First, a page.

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Science & Technology

LHC to start high energy 'God Particle' hunt

By T.K. Randall
March 30, 2010 · Comment icon 32 comments



Image Credit: Arpad Horvath
The Large Hadron Collider is being geared up to begin its high-energy hunt for the 'God Particle'.
Operations are expected to begin today, scientists will use the infamous particle accelerator to smash atomic particles in high-speed collisions in an attempt to mimic the conditions that would have existed at the time of the Big Bang.
Scientists at the European Centre for Nuclear Research (Cern), which operates the 5bn atom-smasher on the Franco-Swiss border, are expected to restart high-energy operations on Tuesday morning.


Source: Telegraph | Comments (32)




Recent comments on this story
Comment icon #23 Posted by Raptor 14 years ago
Well considering that in a Black Hole the gravity gets so great that the escape velocity of it exceeds 186,000 miles per second (300,000 kilometres per second), which is the speed of light and since this means that light can't escape it's attraction, I would say yes, you'll get sucked in. Does this make it any clearer? This is misleading. Any black hole created by the LHC would be terrifically tiny. Remember that gravitational force of an object is directly linked to its mass, and what we're dealing with here is a particle or two. There simply isn't enough mass/energy there for any big gravita... [More]
Comment icon #24 Posted by sepulchrave 14 years ago
It seems like lots of people have lots of misconceptions about black holes. Try to answer this: What would happen to us if the Moon suddenly turned into a black hole? The answer: Nothing. The only difference it would make is that we wouldn't be able to see the Moon any more, and obviously landing on it would be a very stupid idea. Other than that, the black hole-Moon would exert exactly the same gravity on us as the regular Moon does. Gravity is dependent on mass, and mass alone. Scrunching the Moon into a black hole size would not change its orbit or anything else. Similarly, if the LHC creat... [More]
Comment icon #25 Posted by Hugh 14 years ago
Thank you for the scientific reassurances everyone.
Comment icon #26 Posted by TheSearcher 14 years ago
It seems like lots of people have lots of misconceptions about black holes. Try to answer this: What would happen to us if the Moon suddenly turned into a black hole? The answer: Nothing. The only difference it would make is that we wouldn't be able to see the Moon any more, and obviously landing on it would be a very stupid idea. Other than that, the black hole-Moon would exert exactly the same gravity on us as the regular Moon does. Gravity is dependent on mass, and mass alone. Scrunching the Moon into a black hole size would not change its orbit or anything else. Similarly, if the LHC creat... [More]
Comment icon #27 Posted by witchfinder general 14 years ago
I think the Vatican has already found "mini" black holes. :angry2: i like your style!
Comment icon #28 Posted by Perdition 14 years ago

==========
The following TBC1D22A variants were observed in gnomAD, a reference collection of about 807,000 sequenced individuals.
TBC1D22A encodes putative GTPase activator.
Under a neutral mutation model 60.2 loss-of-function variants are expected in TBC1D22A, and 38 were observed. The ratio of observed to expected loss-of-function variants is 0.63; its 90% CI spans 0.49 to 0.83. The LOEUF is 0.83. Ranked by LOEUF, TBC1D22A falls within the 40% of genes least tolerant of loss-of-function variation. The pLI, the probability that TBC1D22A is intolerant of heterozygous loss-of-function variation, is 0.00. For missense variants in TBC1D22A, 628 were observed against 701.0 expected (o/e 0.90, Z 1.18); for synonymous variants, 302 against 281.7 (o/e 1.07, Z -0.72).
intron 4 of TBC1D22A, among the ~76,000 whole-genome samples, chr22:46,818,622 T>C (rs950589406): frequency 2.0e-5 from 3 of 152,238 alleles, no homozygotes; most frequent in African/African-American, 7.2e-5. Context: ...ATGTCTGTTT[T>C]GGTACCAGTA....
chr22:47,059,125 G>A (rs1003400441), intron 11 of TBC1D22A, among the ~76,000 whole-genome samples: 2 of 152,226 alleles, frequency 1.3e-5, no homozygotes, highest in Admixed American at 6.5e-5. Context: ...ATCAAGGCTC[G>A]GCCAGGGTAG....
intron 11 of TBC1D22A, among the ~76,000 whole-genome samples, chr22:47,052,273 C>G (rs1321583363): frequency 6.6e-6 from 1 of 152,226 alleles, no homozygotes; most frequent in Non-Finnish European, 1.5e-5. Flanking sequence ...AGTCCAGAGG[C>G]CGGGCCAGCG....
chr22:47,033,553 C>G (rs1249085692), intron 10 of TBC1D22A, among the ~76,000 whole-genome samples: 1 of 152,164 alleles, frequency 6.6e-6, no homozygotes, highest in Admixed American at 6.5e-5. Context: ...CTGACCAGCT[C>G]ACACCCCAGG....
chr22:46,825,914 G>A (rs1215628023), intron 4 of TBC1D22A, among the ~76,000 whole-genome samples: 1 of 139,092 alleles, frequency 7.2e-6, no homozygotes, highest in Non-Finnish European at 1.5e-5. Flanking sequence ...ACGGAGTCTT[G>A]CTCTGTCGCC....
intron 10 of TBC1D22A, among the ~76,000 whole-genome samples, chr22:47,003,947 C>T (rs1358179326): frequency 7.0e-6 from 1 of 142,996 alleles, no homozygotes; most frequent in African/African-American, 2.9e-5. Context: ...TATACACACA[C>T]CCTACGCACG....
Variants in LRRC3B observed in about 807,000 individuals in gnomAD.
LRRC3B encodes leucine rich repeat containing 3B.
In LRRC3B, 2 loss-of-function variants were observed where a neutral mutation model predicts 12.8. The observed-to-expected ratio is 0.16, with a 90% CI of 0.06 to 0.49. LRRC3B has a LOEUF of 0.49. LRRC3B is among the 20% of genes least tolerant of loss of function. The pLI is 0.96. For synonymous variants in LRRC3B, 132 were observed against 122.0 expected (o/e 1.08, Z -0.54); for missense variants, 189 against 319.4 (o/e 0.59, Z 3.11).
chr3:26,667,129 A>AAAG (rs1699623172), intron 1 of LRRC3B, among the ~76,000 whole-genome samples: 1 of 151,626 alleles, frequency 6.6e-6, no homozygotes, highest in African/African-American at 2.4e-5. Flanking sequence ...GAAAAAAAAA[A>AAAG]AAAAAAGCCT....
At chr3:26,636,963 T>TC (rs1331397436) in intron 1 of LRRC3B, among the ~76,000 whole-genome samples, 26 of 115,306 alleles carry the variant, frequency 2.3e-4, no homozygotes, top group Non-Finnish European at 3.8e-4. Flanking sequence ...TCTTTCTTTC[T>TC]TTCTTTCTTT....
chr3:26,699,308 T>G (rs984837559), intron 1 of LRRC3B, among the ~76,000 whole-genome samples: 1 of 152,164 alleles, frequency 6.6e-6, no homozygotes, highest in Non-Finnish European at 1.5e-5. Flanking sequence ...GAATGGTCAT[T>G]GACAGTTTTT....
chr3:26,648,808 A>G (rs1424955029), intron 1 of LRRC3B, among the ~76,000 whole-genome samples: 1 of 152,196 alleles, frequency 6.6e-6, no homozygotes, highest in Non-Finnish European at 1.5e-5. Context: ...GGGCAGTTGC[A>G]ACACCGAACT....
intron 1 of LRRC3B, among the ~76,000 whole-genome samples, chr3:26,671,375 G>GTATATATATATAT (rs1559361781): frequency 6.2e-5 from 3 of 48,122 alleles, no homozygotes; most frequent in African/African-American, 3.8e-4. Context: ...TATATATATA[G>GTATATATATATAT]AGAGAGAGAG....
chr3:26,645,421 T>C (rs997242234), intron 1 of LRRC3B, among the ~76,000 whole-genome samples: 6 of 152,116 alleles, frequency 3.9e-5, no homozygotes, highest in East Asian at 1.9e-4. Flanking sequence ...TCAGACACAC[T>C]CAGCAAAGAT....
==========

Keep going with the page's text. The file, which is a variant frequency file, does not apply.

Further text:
I thought black holes were infinitely small because of the amount of gravity they have everything is crushed down into an infinitely small space. I'd love to learn more about these kinds of things, so interesting!!
Comment icon #29 Posted by Raptor 14 years ago
I thought black holes were infinitely small because of the amount of gravity they have everything is crushed down into an infinitely small space. I'd love to learn more about these kinds of things, so interesting!! The volume they occupy is infinitely small, but the amount of mass that's crammed in to that infinitely small volume can vary from one black hole to another. The greater the mass (the 'heavier' it is) the greater the gravitational attraction.
Comment icon #30 Posted by sepulchrave 14 years ago
I thought black holes were infinitely small because of the amount of gravity they have everything is crushed down into an infinitely small space. I'd love to learn more about these kinds of things, so interesting!! Just to add to what Raptor said, the `size' of a black hole is usually described as the minimum safe distance you can get to the black hole. The actual black hole is infinitesimally small, as Raptor said, but how close you can get to the black hole before getting sucked in depends on the black hole mass. This distance is called the Schwarzchild Radius, and is given by: rs = (1.48 x ... [More]
Comment icon #31 Posted by Lizardian_guy 14 years ago
Oh dear, I do wish they wouldn't insist on trying to interfere with things that they don't understand. It makes me uneasy, I can tell you. So what will they do supposing they do find the God Particle? I bet they'll then start trying to find things they can do with it, and that'll only lead to trouble, you mark my words. Yeah, trying to understand things we don't understand is folly. We should all still be living in caves and wallowing in our own filth.
Comment icon #32 Posted by Perdition 14 years ago
Just to add to what Raptor said, the `size' of a black hole is usually described as the minimum safe distance you can get to the black hole. The actual black hole is infinitesimally small, as Raptor said, but how close you can get to the black hole before getting sucked in depends on the black hole mass. This distance is called the Schwarzchild Radius, and is given by: rs = (1.48 x 10-27 m/kg) mBH Where rs is the distance (in metres) and mBH is the mass of the black hole (in kilograms). For example, if I suddenly got turned into a black hole, you could get within ~1.2 x 10-25 m of me and still... [More]


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